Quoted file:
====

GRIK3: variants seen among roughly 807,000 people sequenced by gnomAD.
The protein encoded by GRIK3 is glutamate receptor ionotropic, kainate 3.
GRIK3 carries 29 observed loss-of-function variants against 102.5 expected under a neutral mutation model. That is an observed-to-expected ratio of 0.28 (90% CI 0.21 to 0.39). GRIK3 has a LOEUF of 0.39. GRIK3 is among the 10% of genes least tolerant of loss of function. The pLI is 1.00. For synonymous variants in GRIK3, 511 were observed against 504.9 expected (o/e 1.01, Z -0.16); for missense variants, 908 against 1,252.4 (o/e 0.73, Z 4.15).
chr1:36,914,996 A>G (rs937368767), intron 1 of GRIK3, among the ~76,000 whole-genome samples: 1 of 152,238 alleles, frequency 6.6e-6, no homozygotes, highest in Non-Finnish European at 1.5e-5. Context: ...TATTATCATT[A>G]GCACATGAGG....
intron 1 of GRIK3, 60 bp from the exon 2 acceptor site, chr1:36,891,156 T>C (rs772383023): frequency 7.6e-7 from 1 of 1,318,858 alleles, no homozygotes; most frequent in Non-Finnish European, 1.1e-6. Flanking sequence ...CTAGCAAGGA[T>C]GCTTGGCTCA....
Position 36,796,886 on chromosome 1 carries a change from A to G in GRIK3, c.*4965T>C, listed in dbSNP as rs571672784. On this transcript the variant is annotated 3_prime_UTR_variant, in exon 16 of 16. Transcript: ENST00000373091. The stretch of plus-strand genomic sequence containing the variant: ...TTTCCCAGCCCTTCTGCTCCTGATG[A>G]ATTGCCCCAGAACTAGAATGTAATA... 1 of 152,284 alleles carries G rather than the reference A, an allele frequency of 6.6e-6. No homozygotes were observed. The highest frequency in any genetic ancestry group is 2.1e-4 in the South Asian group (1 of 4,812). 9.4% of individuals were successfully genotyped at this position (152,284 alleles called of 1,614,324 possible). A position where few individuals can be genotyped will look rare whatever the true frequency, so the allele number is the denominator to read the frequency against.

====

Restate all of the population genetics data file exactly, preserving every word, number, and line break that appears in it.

GRIK3: variants seen among roughly 807,000 people sequenced by gnomAD.
The protein encoded by GRIK3 is glutamate receptor ionotropic, kainate 3.
GRIK3 carries 29 observed loss-of-function variants against 102.5 expected under a neutral mutation model. That is an observed-to-expected ratio of 0.28 (90% CI 0.21 to 0.39). GRIK3 has a LOEUF of 0.39. GRIK3 is among the 10% of genes least tolerant of loss of function. The pLI is 1.00. For synonymous variants in GRIK3, 511 were observed against 504.9 expected (o/e 1.01, Z -0.16); for missense variants, 908 against 1,252.4 (o/e 0.73, Z 4.15).
chr1:36,914,996 A>G (rs937368767), intron 1 of GRIK3, among the ~76,000 whole-genome samples: 1 of 152,238 alleles, frequency 6.6e-6, no homozygotes, highest in Non-Finnish European at 1.5e-5. Context: ...TATTATCATT[A>G]GCACATGAGG....
intron 1 of GRIK3, 60 bp from the exon 2 acceptor site, chr1:36,891,156 T>C (rs772383023): frequency 7.6e-7 from 1 of 1,318,858 alleles, no homozygotes; most frequent in Non-Finnish European, 1.1e-6. Flanking sequence ...CTAGCAAGGA[T>C]GCTTGGCTCA....
Position 36,796,886 on chromosome 1 carries a change from A to G in GRIK3, c.*4965T>C, listed in dbSNP as rs571672784. On this transcript the variant is annotated 3_prime_UTR_variant, in exon 16 of 16. Transcript: ENST00000373091. The stretch of plus-strand genomic sequence containing the variant: ...TTTCCCAGCCCTTCTGCTCCTGATG[A>G]ATTGCCCCAGAACTAGAATGTAATA... 1 of 152,284 alleles carries G rather than the reference A, an allele frequency of 6.6e-6. No homozygotes were observed. The highest frequency in any genetic ancestry group is 2.1e-4 in the South Asian group (1 of 4,812). 9.4% of individuals were successfully genotyped at this position (152,284 alleles called of 1,614,324 possible). A position where few individuals can be genotyped will look rare whatever the true frequency, so the allele number is the denominator to read the frequency against.